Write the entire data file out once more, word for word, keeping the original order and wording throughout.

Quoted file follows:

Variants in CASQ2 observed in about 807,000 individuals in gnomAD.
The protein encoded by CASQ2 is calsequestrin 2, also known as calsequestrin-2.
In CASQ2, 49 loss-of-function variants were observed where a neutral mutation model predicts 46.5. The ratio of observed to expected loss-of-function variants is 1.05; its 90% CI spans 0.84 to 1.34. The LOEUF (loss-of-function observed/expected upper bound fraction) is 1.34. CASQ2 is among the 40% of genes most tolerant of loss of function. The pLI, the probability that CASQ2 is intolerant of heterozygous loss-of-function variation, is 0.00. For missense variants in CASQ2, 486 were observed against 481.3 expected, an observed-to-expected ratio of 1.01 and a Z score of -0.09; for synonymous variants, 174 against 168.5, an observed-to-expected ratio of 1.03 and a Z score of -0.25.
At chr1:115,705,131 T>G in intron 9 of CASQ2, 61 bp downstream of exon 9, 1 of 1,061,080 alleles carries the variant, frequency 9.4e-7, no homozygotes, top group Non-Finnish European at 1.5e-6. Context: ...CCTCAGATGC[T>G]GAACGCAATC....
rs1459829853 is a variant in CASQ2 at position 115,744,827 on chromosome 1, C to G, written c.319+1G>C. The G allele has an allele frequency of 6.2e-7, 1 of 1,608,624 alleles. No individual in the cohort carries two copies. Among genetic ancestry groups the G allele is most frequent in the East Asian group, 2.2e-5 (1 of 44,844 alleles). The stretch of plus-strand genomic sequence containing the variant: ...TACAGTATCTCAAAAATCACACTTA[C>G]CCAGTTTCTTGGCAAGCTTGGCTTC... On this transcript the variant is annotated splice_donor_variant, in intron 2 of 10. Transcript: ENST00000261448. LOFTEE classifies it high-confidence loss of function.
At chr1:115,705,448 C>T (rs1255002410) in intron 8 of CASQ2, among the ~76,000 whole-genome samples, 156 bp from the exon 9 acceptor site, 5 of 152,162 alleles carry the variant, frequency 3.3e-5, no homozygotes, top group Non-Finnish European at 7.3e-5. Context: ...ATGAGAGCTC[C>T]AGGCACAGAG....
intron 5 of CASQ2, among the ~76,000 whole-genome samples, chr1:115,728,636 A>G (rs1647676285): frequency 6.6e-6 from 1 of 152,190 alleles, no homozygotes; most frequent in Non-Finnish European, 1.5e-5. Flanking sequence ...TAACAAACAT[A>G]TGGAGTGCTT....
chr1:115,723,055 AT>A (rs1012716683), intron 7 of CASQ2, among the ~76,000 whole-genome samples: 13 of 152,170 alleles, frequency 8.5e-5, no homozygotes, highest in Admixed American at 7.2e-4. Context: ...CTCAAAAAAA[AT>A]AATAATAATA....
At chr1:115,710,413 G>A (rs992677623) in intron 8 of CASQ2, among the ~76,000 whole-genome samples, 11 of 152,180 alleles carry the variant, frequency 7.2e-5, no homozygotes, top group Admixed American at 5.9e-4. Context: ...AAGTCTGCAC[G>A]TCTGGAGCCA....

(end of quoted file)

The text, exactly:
Variants in CASQ2 observed in about 807,000 individuals in gnomAD.
The protein encoded by CASQ2 is calsequestrin 2, also known as calsequestrin-2.
In CASQ2, 49 loss-of-function variants were observed where a neutral mutation model predicts 46.5. The ratio of observed to expected loss-of-function variants is 1.05; its 90% CI spans 0.84 to 1.34. The LOEUF (loss-of-function observed/expected upper bound fraction) is 1.34. CASQ2 is among the 40% of genes most tolerant of loss of function. The pLI, the probability that CASQ2 is intolerant of heterozygous loss-of-function variation, is 0.00. For missense variants in CASQ2, 486 were observed against 481.3 expected, an observed-to-expected ratio of 1.01 and a Z score of -0.09; for synonymous variants, 174 against 168.5, an observed-to-expected ratio of 1.03 and a Z score of -0.25.
At chr1:115,705,131 T>G in intron 9 of CASQ2, 61 bp downstream of exon 9, 1 of 1,061,080 alleles carries the variant, frequency 9.4e-7, no homozygotes, top group Non-Finnish European at 1.5e-6. Context: ...CCTCAGATGC[T>G]GAACGCAATC....
rs1459829853 is a variant in CASQ2 at position 115,744,827 on chromosome 1, C to G, written c.319+1G>C. The G allele has an allele frequency of 6.2e-7, 1 of 1,608,624 alleles. No individual in the cohort carries two copies. Among genetic ancestry groups the G allele is most frequent in the East Asian group, 2.2e-5 (1 of 44,844 alleles). The stretch of plus-strand genomic sequence containing the variant: ...TACAGTATCTCAAAAATCACACTTA[C>G]CCAGTTTCTTGGCAAGCTTGGCTTC... On this transcript the variant is annotated splice_donor_variant, in intron 2 of 10. Transcript: ENST00000261448. LOFTEE classifies it high-confidence loss of function.
At chr1:115,705,448 C>T (rs1255002410) in intron 8 of CASQ2, among the ~76,000 whole-genome samples, 156 bp from the exon 9 acceptor site, 5 of 152,162 alleles carry the variant, frequency 3.3e-5, no homozygotes, top group Non-Finnish European at 7.3e-5. Context: ...ATGAGAGCTC[C>T]AGGCACAGAG....
intron 5 of CASQ2, among the ~76,000 whole-genome samples, chr1:115,728,636 A>G (rs1647676285): frequency 6.6e-6 from 1 of 152,190 alleles, no homozygotes; most frequent in Non-Finnish European, 1.5e-5. Flanking sequence ...TAACAAACAT[A>G]TGGAGTGCTT....
chr1:115,723,055 AT>A (rs1012716683), intron 7 of CASQ2, among the ~76,000 whole-genome samples: 13 of 152,170 alleles, frequency 8.5e-5, no homozygotes, highest in Admixed American at 7.2e-4. Context: ...CTCAAAAAAA[AT>A]AATAATAATA....
At chr1:115,710,413 G>A (rs992677623) in intron 8 of CASQ2, among the ~76,000 whole-genome samples, 11 of 152,180 alleles carry the variant, frequency 7.2e-5, no homozygotes, top group Admixed American at 5.9e-4. Context: ...AAGTCTGCAC[G>A]TCTGGAGCCA....